LOS ANGELES — The world is awash in plastic. It’s in our cars and our carpets, we wrap it around the food we eat and virtually every other product we consume; it has become a key lubricant of globalization — but it’s choking our future in ways that most of us are barely aware. I have just returned with a team of scientists from six weeks at sea conducting research in the Great Pacific Garbage Patch — one of five major garbage patches drifting in the oceans north and south of the Equator at the latitude of our great terrestrial deserts. Although it was my 10th voyage to the area, I was utterly shocked to see the enormous increase in the quantity of plastic waste since my last trip in 2009. Plastics of every description, from toothbrushes to tires to unidentifiable fragments too numerous to count floated past our marine research vessel Alguita for hundreds of miles without end. We even came upon a floating island bolstered by dozens of plastic buoys used in oyster aquaculture that had solid areas you could walk on. Plastics are now one of the most common pollutants of ocean waters worldwide. Pushed by winds, tides and currents, plastic particles form with other debris into large swirling glutinous accumulation zones, known to oceanographers as gyres, which comprise as much as 40 percent of the planet’s ocean surface — roughly 25 percent of the entire earth.
No scientist, environmentalist, entrepreneur, national or international government agency has yet been able to establish a comprehensive way of recycling the plastic trash that covers our land and inevitably blows and washes down to the sea. In a 2010 study of the Los Angeles and San Gabriel Rivers, my colleagues and I estimated that some 2.3 billion pieces of plastic — from polystyrene foam to tiny fragments and pellets — had flowed from Southern California’s urban centers into its coastal waters in just three days of sampling.

#mahatmagandhi #gandhi #india #leader #leadership #forest #environment #mothernature #nature #earth #planet #eco #gogreen #mirror #reflection #humanity #soul #spirit #spiritual #hope #war #peace #love #lifestyle #consumerism #earthpics #quotes #quote #life #searchoflife

The Case Against Eating Fish by Richard H. Schwartz

Many people, including some who call themselves vegetarians, think fish are less capable of suffering than mammals and birds. These would-be vegetarians may avoid eating mammals and birds while continuing to eat fish, sometimes arguing that the problems associated with the production and consumption of other animal products don’t apply to fish. After all, they reason: fish aren’t raised in the cruel confinement of factory farms; unlike the raising of “livestock,” fishing doesn’t cause soil erosion and depletion, require deforestation to create pasture land and land on which to grow feed crops, or require huge amounts of pesticides and irrigation water; also, fish flesh is generally lower in fat than other animal-derived foods and is a healthy food. All of these assumptions are either wrong or problematic.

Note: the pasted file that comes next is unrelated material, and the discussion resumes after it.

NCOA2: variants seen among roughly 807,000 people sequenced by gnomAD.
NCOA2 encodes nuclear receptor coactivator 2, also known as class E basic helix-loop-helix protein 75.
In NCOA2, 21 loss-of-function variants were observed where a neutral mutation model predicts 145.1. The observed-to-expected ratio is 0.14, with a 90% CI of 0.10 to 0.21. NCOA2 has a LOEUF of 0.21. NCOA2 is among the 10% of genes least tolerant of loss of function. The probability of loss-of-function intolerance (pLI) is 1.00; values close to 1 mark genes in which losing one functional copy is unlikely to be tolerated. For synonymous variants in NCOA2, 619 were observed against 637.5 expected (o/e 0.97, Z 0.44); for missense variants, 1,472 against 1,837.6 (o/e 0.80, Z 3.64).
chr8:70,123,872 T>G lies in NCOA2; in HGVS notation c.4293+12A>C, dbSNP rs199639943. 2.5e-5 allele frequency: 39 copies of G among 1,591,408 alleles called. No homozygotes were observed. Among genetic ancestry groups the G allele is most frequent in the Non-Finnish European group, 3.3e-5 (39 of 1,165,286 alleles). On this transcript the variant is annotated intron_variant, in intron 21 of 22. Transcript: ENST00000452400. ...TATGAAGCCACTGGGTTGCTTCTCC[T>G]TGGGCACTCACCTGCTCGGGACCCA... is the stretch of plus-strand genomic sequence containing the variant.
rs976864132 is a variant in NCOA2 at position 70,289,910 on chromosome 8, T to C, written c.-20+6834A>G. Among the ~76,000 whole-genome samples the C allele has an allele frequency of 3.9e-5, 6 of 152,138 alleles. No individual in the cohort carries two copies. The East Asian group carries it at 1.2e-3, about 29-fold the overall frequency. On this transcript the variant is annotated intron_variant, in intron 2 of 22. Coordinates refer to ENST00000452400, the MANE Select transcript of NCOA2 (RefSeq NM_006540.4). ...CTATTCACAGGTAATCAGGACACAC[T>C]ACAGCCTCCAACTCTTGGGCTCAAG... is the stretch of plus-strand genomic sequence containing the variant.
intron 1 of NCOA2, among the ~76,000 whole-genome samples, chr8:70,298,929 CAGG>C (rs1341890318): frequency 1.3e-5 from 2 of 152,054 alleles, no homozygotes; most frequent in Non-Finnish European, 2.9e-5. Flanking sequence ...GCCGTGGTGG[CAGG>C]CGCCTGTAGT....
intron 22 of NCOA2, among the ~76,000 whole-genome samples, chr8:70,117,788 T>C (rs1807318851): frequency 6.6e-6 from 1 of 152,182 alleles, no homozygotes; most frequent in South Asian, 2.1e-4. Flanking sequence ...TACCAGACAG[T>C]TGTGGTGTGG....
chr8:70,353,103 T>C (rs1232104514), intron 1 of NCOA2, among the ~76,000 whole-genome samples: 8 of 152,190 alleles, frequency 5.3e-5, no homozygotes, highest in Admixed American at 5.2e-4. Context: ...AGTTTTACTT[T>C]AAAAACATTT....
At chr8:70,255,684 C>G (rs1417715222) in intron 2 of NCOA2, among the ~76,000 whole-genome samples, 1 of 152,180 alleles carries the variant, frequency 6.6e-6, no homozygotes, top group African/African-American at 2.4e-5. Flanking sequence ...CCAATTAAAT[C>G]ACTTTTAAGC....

Let us consider typical vegetarian arguments that address treatment of animals, health risks, and environmental sustainability, as they apply to fish “production” and
consumption. Even though by definition fish (and other aquatic animals) have never been considered part of a vegetarian diet, the reasons to avoid their consumption as you will see are compelling.

Compassion for Animals

Fishers and animal rights advocates have long debated whether or not fish can feel pain. Among the overwhelming evidence that fish can suffer is a recent report by a team of marine biologists at Edinburgh’s Roslin Institute. The report was published by the Royal Society, one of Britain’s leading scientific institutes. The researchers found that rainbow trout possess pain receptors and react to a harmful substance (in this case, acetic acid) with “profound behavioral and physiological changes … over a prolonged period, comparable to those observed in higher mammals.” The researchers concluded that their findings “fulfill the criteria for animal pain.” Their conclusion is also consistent with common sense: fish, like other animals, need to be able to feel pain in order to survive.

Methods of catching and killing fish are clearly abusive. When fish are hauled up from a considerable depth, the sudden change in pressure on their bodies causes painful decompression that often causes their gills to collapse and their eyes to pop out. As soon as fish are removed from water, they begin to suffocate.

Hooked fish struggle because of pain and fear. As described by Tom Hopkins, professor of marine science at the University of Alabama, getting hooked on a line is “like dentistry without Novocain, drilling into exposed nerves.”

Fish who are “farmed” rather than caught experience more-prolonged suffering. Today in the United States, (to maximize profit,) most “farmed” trout, salmon, catfish, and other fish are raised in the same sort of intensive crowding found in commercial chicken and pig operations. Like the chicken-flesh industry, fish “farming” involves large-scale, highly mechanized production. Thousands of fish are crammed into ponds, troughs, or sea-floating cages, so that fish farmers can raise the greatest possible number of fish per cubic foot of water. In most cases, each fish is allotted a space scarcely larger than their body.